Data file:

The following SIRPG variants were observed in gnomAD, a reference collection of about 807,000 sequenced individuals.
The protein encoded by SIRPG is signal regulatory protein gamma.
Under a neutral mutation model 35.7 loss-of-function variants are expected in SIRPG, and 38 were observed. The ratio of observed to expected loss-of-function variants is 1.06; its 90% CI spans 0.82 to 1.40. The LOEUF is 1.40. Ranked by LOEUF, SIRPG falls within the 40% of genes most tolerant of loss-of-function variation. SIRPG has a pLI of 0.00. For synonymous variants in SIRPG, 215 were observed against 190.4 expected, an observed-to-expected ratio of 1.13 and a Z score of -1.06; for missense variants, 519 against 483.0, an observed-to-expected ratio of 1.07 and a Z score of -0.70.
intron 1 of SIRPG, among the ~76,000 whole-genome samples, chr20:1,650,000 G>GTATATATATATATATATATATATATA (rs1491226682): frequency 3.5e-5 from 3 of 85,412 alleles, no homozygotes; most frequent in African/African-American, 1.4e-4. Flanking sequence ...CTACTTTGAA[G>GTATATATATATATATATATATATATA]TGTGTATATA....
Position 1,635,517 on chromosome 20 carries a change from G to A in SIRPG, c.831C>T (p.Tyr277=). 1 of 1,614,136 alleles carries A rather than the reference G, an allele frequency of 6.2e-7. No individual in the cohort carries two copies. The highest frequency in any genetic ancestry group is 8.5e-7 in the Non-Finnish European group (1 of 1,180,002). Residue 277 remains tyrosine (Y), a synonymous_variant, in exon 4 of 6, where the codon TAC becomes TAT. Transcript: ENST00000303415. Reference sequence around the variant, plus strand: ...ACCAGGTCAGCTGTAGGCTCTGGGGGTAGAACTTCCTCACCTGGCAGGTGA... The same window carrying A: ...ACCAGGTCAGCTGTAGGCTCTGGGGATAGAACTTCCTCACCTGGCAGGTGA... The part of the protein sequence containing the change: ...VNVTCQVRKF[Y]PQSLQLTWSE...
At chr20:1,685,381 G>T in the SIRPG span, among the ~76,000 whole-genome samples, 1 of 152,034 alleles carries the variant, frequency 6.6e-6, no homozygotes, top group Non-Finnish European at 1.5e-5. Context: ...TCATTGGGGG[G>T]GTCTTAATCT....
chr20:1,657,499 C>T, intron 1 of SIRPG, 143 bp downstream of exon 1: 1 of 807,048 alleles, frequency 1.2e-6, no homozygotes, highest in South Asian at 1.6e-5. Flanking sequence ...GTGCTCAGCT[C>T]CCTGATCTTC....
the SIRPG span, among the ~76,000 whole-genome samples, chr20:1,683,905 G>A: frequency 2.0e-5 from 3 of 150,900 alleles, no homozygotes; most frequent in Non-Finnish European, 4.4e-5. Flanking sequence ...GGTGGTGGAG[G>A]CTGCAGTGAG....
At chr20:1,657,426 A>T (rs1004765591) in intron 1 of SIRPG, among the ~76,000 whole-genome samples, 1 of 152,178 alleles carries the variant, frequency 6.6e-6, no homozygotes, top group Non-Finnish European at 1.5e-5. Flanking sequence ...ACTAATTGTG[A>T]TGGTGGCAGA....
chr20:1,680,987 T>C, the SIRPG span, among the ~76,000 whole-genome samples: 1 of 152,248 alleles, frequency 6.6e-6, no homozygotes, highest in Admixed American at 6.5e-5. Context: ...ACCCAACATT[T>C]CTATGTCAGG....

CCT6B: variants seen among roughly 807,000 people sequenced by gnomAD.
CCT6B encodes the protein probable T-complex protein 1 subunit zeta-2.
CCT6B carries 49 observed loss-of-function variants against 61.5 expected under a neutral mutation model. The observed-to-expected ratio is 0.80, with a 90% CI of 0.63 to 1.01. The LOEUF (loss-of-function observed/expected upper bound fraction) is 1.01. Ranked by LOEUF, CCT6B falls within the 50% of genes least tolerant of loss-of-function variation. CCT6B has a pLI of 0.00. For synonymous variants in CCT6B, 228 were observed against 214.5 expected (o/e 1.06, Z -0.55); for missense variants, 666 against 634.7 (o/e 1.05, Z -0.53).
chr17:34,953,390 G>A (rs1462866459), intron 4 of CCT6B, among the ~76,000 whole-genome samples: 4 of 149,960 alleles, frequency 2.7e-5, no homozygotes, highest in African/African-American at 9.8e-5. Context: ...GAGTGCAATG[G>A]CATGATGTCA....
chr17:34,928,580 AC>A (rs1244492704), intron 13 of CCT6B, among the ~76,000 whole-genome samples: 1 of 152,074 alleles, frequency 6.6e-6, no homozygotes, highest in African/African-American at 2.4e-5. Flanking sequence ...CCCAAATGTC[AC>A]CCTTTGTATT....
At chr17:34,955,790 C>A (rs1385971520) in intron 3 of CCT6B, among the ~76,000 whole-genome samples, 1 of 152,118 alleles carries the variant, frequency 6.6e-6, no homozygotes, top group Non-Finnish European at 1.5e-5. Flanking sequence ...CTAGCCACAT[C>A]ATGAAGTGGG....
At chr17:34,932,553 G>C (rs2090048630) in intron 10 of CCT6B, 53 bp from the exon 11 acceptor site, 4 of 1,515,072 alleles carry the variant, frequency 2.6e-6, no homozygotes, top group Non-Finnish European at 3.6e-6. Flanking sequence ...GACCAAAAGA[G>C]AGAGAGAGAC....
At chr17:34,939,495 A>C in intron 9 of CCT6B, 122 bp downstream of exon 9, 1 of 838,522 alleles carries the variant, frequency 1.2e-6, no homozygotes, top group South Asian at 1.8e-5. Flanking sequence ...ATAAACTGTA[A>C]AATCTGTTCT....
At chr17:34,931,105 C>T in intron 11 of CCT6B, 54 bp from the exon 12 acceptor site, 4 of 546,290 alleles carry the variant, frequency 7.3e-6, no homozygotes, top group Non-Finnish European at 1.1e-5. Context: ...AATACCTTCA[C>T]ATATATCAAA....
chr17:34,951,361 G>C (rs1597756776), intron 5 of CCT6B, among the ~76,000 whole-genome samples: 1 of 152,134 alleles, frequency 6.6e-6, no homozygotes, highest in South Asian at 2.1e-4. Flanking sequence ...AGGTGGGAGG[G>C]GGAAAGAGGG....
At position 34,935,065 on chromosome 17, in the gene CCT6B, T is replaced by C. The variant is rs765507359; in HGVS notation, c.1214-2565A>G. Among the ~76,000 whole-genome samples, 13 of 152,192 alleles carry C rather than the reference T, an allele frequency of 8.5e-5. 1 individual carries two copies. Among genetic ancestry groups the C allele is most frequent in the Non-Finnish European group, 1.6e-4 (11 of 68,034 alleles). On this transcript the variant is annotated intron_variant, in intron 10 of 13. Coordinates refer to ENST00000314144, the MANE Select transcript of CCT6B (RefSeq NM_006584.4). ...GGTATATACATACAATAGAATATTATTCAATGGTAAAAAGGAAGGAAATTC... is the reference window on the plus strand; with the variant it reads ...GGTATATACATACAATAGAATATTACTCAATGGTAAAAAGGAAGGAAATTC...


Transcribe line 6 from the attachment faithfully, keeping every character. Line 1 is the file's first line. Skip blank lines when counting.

At chr20:1,685,381 G>T in the SIRPG span, among the ~76,000 whole-genome samples, 1 of 152,034 alleles carries the variant, frequency 6.6e-6, no homozygotes, top group Non-Finnish European at 1.5e-5. Context: ...TCATTGGGGG[G>T]GTCTTAATCT....